Handmade sheepskin slippers prove a nice fit

In 2018 Rachel Caswell bought sewing equipment and set up a studio making sheepskin slippers out...
In 2018 Rachel Caswell bought sewing equipment and set up a studio making sheepskin slippers out of her Karitane home. PHOTO: SUPPLIED
After 15 years working on private yachts and living the "cruising" life, Rachel Caswell yearned for the quieter life back in New Zealand — cue handmade sheepskin slippers.

Mrs Caswell has always been a keen handcrafter and enjoys working with natural products. In 2018 she and her husband moved home to the seaside town of Karitane in Otago and the opportunity presented itself to buy sewing equipment and she decided to make a go of it.

"Sheepskin is a genuine slow-fashion natural material. I knew it was a product I could genuinely believe in and feel proud to sell. I truly believe that wearing a handmade item from a natural product is investing in a treasure you can use every day," she said.

Mrs Caswell spent several months learning the craft of making handmade slippers from Possum Pam, a wholesale manufacturer in Canterbury, "and then it was a case of trial and error, learning what worked and what didn’t. I have gone with minimalist designs which have stood the test of time".

Procuring the sheepskins is a continual bugbear for Mrs Caswell as she isn’t making a big enough volume of slippers to secure continuity of supply from large suppliers.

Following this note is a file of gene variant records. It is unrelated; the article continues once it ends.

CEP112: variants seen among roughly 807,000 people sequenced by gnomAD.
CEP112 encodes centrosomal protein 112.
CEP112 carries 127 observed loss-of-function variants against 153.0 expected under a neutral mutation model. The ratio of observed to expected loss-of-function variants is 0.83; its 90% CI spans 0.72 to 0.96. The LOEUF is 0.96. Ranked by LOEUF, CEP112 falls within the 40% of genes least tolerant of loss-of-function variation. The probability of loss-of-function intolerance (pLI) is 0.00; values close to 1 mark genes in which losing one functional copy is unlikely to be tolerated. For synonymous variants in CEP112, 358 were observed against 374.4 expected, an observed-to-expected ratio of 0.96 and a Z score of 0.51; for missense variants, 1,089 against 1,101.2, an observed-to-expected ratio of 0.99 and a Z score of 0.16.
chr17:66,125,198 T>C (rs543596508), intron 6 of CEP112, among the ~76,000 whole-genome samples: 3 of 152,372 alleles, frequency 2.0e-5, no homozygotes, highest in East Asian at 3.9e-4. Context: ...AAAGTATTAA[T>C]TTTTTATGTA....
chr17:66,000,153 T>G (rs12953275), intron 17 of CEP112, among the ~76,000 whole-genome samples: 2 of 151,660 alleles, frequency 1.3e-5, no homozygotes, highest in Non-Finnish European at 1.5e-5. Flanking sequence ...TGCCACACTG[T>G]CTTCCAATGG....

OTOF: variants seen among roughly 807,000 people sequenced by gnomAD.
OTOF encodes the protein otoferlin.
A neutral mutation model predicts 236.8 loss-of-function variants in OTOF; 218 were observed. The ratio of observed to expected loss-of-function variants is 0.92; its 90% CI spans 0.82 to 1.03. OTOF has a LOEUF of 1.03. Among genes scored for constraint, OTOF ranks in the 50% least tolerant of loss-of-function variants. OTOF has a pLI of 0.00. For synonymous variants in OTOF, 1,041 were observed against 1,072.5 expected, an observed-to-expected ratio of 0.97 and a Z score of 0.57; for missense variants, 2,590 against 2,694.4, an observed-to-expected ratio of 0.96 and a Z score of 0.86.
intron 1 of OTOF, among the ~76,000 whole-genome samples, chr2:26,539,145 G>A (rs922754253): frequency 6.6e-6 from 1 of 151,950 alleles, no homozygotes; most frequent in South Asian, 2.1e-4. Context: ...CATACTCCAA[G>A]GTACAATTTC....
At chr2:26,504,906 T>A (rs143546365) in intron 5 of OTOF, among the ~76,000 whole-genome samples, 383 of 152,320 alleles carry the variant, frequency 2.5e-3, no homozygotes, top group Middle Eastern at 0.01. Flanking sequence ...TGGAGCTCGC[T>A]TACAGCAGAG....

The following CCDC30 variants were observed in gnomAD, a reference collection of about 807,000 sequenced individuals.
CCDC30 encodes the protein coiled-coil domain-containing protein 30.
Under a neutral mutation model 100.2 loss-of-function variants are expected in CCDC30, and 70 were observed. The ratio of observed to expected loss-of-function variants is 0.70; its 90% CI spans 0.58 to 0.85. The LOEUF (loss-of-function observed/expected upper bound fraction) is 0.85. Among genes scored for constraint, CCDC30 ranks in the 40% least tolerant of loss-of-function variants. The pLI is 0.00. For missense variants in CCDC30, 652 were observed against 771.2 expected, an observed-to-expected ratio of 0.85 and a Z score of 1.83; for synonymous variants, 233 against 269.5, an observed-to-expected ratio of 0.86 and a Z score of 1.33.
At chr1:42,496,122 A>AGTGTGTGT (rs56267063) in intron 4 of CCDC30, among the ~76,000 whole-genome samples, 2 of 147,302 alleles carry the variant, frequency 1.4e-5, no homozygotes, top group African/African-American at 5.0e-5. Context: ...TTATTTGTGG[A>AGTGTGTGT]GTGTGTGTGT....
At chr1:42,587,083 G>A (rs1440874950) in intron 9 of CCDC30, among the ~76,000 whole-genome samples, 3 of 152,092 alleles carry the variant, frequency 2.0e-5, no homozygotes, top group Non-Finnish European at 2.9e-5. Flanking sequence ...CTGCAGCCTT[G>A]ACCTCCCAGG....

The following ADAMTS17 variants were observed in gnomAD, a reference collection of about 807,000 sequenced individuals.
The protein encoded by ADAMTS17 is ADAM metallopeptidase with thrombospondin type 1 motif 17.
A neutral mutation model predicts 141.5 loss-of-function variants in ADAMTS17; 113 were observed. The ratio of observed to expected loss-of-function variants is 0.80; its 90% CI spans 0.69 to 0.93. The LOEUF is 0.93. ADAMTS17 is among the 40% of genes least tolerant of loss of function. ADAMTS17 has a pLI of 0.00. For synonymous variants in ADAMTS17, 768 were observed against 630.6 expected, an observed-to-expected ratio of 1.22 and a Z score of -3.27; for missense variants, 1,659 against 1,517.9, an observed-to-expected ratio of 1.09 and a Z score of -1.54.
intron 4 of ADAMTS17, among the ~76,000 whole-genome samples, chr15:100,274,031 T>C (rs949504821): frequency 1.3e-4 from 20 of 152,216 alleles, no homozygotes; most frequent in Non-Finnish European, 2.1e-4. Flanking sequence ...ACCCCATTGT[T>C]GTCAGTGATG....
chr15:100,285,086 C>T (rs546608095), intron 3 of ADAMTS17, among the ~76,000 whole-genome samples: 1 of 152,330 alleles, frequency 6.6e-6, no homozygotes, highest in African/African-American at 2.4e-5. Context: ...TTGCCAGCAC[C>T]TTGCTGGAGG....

"I get a small amount from Bowron Sheepskins and I also have another supplier in Auckland. But continuity is always a bit of an issue when it comes to colour. The tanneries at New Zealand meat processors have closed down, so most of our sheepskins in New Zealand now get sent to China to be tanned and then sent back. I would love to be able to find a way to collaborate with local companies and keep it all in the country."

After a positive 2019, Mrs Caswell had intentions to "really crank" into the stallholder markets around Otago this year, but as it had done for many, Covid-19 put a stop to the plans on her calendar this year.

"The markets are starting to come back for this season. Obviously, the cruise ship market isn’t there this time, but I am always surprised how I go at little local market days. People really have embraced the support local ethos."

While she enjoys working "in" her business, it’s working "on" her business she has to make a conscious effort on, Mrs Caswell says. An e-commerce website has been set up so people can buy online.

"Technology isn’t my area of expertise, so I have certainly gone outside of my comfort zone with this new challenge.

"Half a day can go just like that when it comes to computers," she said, laughing.

Alice Scott

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